‘Expat’….I don’t like that word at all….I don’t know why but it conjures up images of red-faced, drunk, pale skinned people running around some exotic location lamenting about the good ol’ days back in the old land. OK, that pretty much describes me, I admit, although hopefully I’m not too red-faced or drunk. But I do pine for home, and my South African friends here, for the most part, pine for home too. We spend an awful lot of time talking about the things we miss, and more often than not it’s about the food, or it’s the good times we had surrounding some food related tradition – the braai, for example, which is our version of the BBQ.
Growing up in our home, food was based largely on what British and American people were eating at the time – hamburgers, pasta, roast chicken, stews, steak and kidney pie (loved it then, hate it now), but my mom (as you may have gathered from earlier posts) is and was an extraordinary cook, and always experimented with different cuisines – Thai, Mexican, French. However, I had an Afrikaans grandmother and through her I learned about Boerekos – literally ‘farmers food’. Boerekos is an amalgamation of ideas and tastes brought to the country by the Malaysians, the Indians, the Dutch, English, Portuguese, and the French and over the years has taken on its own hue and identity. Nowadays, ‘South African Cuisine’ is a mixture of Boerekos and the indigenous foods of the Southern African tribes – food that has been eaten on that piece of land for hundreds and hundreds of years, long before Jan Van Riebeeck arrived on a Cape Town beach in 1652.
But back to Boerekos, and more specifically Melktert, or Milk Tart. The tart of my youth! Once I made the 14 hour road trip from Cape Town to Johannesburg, and decided along the way that I had to find a milk tart to take home. Luckily I was with my friend Lisa – she’s the only one who would tolerate me doing this – but I wanted this tart so much that I stopped at the local post office of a very small, very Afrikaans town in the middle of nowhere, probably the Karoo, and asked where I could find one. The lady behind the counter told me I could knock on the door of the house the next road over ‘you’ll know the house because it has some terrible nice ceramic gnomes in the front garden’. By the way, that isn’t a typo. She actually said ‘terrible nice’. So I found the house, knocked on the door, and lo and behold, the lady had a milk tart to sell. She baked for the local ‘tuisnywerheid’ (home industry shop) and she was renowned for this tart. It was heavenly.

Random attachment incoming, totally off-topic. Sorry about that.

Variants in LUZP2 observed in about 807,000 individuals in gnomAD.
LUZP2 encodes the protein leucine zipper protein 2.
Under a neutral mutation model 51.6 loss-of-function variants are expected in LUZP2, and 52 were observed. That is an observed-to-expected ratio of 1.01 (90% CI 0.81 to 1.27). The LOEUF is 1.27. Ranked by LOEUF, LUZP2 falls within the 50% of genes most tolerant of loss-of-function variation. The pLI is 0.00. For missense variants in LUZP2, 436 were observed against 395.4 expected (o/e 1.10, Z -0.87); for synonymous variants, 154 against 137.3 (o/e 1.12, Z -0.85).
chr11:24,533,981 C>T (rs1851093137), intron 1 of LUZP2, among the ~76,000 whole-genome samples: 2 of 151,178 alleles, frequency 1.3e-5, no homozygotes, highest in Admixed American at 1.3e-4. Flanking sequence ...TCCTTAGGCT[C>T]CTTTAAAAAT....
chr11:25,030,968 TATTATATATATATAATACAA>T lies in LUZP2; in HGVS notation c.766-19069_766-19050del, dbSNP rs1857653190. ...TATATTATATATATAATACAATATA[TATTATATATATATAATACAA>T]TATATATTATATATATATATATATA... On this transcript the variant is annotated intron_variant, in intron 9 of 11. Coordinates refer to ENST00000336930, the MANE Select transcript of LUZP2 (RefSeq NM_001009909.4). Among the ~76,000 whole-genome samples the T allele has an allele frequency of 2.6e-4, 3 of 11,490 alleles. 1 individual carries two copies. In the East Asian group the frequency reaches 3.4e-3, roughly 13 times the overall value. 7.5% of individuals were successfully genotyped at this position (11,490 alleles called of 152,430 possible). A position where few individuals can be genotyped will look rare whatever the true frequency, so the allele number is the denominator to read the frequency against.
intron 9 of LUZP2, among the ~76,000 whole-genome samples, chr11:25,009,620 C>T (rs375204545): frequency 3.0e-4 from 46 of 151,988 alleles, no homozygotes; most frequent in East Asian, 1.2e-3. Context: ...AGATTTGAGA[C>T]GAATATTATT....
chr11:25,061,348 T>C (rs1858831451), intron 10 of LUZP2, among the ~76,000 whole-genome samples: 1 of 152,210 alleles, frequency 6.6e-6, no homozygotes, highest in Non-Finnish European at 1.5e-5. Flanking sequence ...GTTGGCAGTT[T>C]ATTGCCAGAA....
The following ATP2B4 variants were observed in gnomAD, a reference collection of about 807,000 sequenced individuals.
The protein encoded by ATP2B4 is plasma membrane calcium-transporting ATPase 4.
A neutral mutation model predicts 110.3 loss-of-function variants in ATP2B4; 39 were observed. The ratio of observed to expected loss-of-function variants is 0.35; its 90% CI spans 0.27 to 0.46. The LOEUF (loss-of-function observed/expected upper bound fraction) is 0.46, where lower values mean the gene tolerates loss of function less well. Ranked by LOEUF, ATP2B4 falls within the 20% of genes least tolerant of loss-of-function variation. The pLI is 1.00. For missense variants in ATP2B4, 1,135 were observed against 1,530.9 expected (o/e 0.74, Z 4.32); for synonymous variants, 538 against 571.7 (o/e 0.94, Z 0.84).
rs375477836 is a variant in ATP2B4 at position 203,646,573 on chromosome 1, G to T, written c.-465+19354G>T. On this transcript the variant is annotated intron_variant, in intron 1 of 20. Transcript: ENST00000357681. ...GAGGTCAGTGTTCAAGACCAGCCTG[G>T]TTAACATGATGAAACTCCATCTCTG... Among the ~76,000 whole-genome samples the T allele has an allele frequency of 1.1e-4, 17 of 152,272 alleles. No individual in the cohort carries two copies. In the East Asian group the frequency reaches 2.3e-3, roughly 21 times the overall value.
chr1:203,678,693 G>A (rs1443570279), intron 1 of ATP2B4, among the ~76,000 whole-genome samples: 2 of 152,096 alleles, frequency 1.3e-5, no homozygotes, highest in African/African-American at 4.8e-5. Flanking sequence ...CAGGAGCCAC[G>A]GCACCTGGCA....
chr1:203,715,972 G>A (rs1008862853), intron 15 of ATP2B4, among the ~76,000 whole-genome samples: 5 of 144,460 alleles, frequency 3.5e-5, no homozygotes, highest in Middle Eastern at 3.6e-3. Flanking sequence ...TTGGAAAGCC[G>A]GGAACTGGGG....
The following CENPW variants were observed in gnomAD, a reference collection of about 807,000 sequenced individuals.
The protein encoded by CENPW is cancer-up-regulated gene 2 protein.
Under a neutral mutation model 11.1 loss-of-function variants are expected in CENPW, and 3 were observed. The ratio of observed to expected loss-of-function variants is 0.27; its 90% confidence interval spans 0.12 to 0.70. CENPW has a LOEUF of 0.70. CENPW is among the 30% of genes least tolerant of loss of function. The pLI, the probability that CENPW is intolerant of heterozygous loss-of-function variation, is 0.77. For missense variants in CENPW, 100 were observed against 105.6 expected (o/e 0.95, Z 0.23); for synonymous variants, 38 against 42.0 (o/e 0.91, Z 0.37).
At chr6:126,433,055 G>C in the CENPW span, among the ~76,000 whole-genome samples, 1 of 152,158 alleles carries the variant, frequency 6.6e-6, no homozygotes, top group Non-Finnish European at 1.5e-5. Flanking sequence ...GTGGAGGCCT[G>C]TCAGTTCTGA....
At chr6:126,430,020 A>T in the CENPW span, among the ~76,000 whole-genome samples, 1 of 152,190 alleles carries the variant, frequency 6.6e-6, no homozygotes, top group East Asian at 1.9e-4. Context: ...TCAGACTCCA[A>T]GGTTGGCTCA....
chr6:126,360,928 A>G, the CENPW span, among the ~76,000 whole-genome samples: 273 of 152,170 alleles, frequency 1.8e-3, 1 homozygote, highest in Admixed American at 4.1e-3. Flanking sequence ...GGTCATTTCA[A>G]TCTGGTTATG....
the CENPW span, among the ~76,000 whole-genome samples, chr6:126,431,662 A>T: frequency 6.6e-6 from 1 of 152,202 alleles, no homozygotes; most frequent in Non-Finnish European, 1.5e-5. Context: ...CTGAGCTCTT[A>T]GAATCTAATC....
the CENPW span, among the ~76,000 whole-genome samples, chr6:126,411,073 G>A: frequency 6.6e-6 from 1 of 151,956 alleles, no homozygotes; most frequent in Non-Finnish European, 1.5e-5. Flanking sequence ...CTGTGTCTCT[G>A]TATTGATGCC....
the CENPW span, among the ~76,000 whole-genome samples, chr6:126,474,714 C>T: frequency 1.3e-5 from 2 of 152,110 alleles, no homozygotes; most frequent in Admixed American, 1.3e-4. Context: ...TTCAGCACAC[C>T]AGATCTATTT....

Milk Tart consists of a puff or short crust pastry, baked with a creamy filling made from milk, flour, sugar and eggs. Vanilla and cinnamon is used, the latter is sprinkled on top which gives the tart its famous look. The ratio of milk to egg is higher than in a traditional custard or Chinese egg tart, and this gives it a stronger milk flavour, hence the name.
You can find the recipe here – this wonderful food blog, Scrumptious, is written by Jane-Anne Hobbs Rayner…all about her take on South African food. I am obsessed with it!
(loved this post on the birthday parties of her youth)
Some things I did differently:
I did not include the naartjie peel (clementine) because I wanted the unadulterated version, but I’m sure it is a wonderful addition.
I used puff pastry because that is what I had, but I think a short crust as described in Jane-Anne’s recipe would be nicer.
And lastly, I did not sprinkle the castor sugar (also known as superfine sugar) on top – instead I did the traditional thing and sprinkled some ground cinnamon on the custard BEFORE I put it in the oven.
*Thank you to my step mother Josandra Janisch (who also grew up with Boerekos) for all her help and late night conversations about which pastry to use!!*
All this talk about nostalgia for the food we grew up on…makes me wonder what Julia will be nostalgic for when she’s my age. I had better step up my game and make sure the has an über eating experience….no kraft mac ‘n cheese in this house. No way!